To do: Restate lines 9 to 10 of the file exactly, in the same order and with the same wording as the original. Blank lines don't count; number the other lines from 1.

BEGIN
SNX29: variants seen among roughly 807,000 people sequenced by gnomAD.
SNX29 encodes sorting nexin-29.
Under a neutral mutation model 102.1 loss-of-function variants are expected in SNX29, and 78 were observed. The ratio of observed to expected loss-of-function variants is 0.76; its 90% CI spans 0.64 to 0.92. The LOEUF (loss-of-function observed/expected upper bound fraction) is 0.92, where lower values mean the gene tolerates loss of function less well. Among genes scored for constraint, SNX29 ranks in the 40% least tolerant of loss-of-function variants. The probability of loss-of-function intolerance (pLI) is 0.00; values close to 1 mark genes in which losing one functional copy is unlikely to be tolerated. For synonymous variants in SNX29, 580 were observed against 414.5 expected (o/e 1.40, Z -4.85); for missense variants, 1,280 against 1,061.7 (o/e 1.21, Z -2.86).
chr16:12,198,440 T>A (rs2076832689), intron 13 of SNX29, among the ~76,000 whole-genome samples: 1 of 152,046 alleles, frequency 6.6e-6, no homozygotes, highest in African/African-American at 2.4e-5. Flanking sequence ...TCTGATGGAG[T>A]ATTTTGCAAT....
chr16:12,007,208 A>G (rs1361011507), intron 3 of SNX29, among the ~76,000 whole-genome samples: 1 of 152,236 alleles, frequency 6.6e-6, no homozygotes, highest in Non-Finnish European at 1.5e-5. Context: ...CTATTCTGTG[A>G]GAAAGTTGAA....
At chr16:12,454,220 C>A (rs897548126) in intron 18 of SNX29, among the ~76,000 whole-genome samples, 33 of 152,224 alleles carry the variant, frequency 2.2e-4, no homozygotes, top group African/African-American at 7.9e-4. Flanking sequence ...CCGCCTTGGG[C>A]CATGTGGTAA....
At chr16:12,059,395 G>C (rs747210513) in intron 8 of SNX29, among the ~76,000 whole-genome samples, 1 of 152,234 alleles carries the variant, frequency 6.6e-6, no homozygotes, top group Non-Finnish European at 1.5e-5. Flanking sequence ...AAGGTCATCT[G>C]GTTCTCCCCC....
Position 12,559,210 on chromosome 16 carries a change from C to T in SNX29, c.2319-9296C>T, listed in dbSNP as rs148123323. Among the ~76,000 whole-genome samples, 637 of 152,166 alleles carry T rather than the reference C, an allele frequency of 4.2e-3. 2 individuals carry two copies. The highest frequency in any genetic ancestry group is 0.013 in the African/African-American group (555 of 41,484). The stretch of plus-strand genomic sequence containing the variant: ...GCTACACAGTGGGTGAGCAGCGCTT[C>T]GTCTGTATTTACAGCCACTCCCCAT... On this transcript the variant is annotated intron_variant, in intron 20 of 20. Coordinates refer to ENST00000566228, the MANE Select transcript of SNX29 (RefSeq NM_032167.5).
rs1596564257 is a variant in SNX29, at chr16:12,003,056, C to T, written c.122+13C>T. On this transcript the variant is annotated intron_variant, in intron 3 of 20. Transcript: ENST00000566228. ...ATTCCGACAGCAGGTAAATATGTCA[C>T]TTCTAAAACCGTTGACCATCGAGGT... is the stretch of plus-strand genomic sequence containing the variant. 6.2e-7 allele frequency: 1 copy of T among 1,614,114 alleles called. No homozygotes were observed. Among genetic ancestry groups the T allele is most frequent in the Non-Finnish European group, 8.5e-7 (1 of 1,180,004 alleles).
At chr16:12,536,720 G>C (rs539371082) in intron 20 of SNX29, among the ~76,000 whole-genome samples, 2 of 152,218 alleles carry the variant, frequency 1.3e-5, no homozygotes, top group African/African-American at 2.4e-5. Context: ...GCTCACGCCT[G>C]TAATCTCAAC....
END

rs1596564257 is a variant in SNX29, at chr16:12,003,056, C to T, written c.122+13C>T. On this transcript the variant is annotated intron_variant, in intron 3 of 20. Transcript: ENST00000566228. ...ATTCCGACAGCAGGTAAATATGTCA[C>T]TTCTAAAACCGTTGACCATCGAGGT... is the stretch of plus-strand genomic sequence containing the variant. 6.2e-7 allele frequency: 1 copy of T among 1,614,114 alleles called. No homozygotes were observed. Among genetic ancestry groups the T allele is most frequent in the Non-Finnish European group, 8.5e-7 (1 of 1,180,004 alleles).
At chr16:12,536,720 G>C (rs539371082) in intron 20 of SNX29, among the ~76,000 whole-genome samples, 2 of 152,218 alleles carry the variant, frequency 1.3e-5, no homozygotes, top group African/African-American at 2.4e-5. Context: ...GCTCACGCCT[G>C]TAATCTCAAC....